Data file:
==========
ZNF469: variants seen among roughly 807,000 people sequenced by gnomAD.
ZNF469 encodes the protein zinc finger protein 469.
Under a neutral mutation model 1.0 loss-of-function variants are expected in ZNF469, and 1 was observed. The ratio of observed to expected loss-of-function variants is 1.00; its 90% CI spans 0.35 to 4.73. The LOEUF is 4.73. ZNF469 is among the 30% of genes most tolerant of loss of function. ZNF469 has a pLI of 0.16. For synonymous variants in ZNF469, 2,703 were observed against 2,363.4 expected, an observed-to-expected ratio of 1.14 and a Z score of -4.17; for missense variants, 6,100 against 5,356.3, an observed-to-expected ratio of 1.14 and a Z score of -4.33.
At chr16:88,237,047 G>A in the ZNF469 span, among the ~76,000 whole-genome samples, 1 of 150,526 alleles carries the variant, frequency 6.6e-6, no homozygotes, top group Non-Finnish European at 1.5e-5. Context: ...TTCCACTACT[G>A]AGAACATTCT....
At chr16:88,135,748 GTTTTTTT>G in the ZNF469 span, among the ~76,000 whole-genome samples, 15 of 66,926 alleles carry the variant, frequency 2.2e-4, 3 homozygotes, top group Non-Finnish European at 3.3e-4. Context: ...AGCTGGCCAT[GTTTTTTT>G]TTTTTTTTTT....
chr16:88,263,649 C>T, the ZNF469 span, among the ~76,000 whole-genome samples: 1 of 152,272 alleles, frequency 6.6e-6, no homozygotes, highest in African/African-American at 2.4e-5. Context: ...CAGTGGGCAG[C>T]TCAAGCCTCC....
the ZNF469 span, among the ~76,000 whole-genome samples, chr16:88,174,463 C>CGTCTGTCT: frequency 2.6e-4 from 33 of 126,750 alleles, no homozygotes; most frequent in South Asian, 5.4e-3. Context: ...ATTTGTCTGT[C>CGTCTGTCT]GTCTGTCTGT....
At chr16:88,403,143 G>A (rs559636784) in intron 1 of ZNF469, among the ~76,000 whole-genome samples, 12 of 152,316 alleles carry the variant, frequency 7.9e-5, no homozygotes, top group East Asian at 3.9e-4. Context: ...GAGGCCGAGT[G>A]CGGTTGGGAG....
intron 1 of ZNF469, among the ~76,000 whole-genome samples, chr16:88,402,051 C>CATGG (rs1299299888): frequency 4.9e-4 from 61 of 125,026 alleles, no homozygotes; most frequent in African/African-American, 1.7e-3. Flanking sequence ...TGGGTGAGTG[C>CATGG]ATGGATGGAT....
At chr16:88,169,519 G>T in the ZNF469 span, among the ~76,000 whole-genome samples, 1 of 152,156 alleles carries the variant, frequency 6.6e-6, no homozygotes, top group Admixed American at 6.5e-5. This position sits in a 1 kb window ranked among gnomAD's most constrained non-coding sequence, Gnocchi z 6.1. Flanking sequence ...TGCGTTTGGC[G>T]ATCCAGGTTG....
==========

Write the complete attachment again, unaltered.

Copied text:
ZNF469: variants seen among roughly 807,000 people sequenced by gnomAD.
ZNF469 encodes the protein zinc finger protein 469.
Under a neutral mutation model 1.0 loss-of-function variants are expected in ZNF469, and 1 was observed. The ratio of observed to expected loss-of-function variants is 1.00; its 90% CI spans 0.35 to 4.73. The LOEUF is 4.73. ZNF469 is among the 30% of genes most tolerant of loss of function. ZNF469 has a pLI of 0.16. For synonymous variants in ZNF469, 2,703 were observed against 2,363.4 expected, an observed-to-expected ratio of 1.14 and a Z score of -4.17; for missense variants, 6,100 against 5,356.3, an observed-to-expected ratio of 1.14 and a Z score of -4.33.
At chr16:88,237,047 G>A in the ZNF469 span, among the ~76,000 whole-genome samples, 1 of 150,526 alleles carries the variant, frequency 6.6e-6, no homozygotes, top group Non-Finnish European at 1.5e-5. Context: ...TTCCACTACT[G>A]AGAACATTCT....
At chr16:88,135,748 GTTTTTTT>G in the ZNF469 span, among the ~76,000 whole-genome samples, 15 of 66,926 alleles carry the variant, frequency 2.2e-4, 3 homozygotes, top group Non-Finnish European at 3.3e-4. Context: ...AGCTGGCCAT[GTTTTTTT>G]TTTTTTTTTT....
chr16:88,263,649 C>T, the ZNF469 span, among the ~76,000 whole-genome samples: 1 of 152,272 alleles, frequency 6.6e-6, no homozygotes, highest in African/African-American at 2.4e-5. Context: ...CAGTGGGCAG[C>T]TCAAGCCTCC....
the ZNF469 span, among the ~76,000 whole-genome samples, chr16:88,174,463 C>CGTCTGTCT: frequency 2.6e-4 from 33 of 126,750 alleles, no homozygotes; most frequent in South Asian, 5.4e-3. Context: ...ATTTGTCTGT[C>CGTCTGTCT]GTCTGTCTGT....
At chr16:88,403,143 G>A (rs559636784) in intron 1 of ZNF469, among the ~76,000 whole-genome samples, 12 of 152,316 alleles carry the variant, frequency 7.9e-5, no homozygotes, top group East Asian at 3.9e-4. Context: ...GAGGCCGAGT[G>A]CGGTTGGGAG....
intron 1 of ZNF469, among the ~76,000 whole-genome samples, chr16:88,402,051 C>CATGG (rs1299299888): frequency 4.9e-4 from 61 of 125,026 alleles, no homozygotes; most frequent in African/African-American, 1.7e-3. Flanking sequence ...TGGGTGAGTG[C>CATGG]ATGGATGGAT....
At chr16:88,169,519 G>T in the ZNF469 span, among the ~76,000 whole-genome samples, 1 of 152,156 alleles carries the variant, frequency 6.6e-6, no homozygotes, top group Admixed American at 6.5e-5. This position sits in a 1 kb window ranked among gnomAD's most constrained non-coding sequence, Gnocchi z 6.1. Flanking sequence ...TGCGTTTGGC[G>T]ATCCAGGTTG....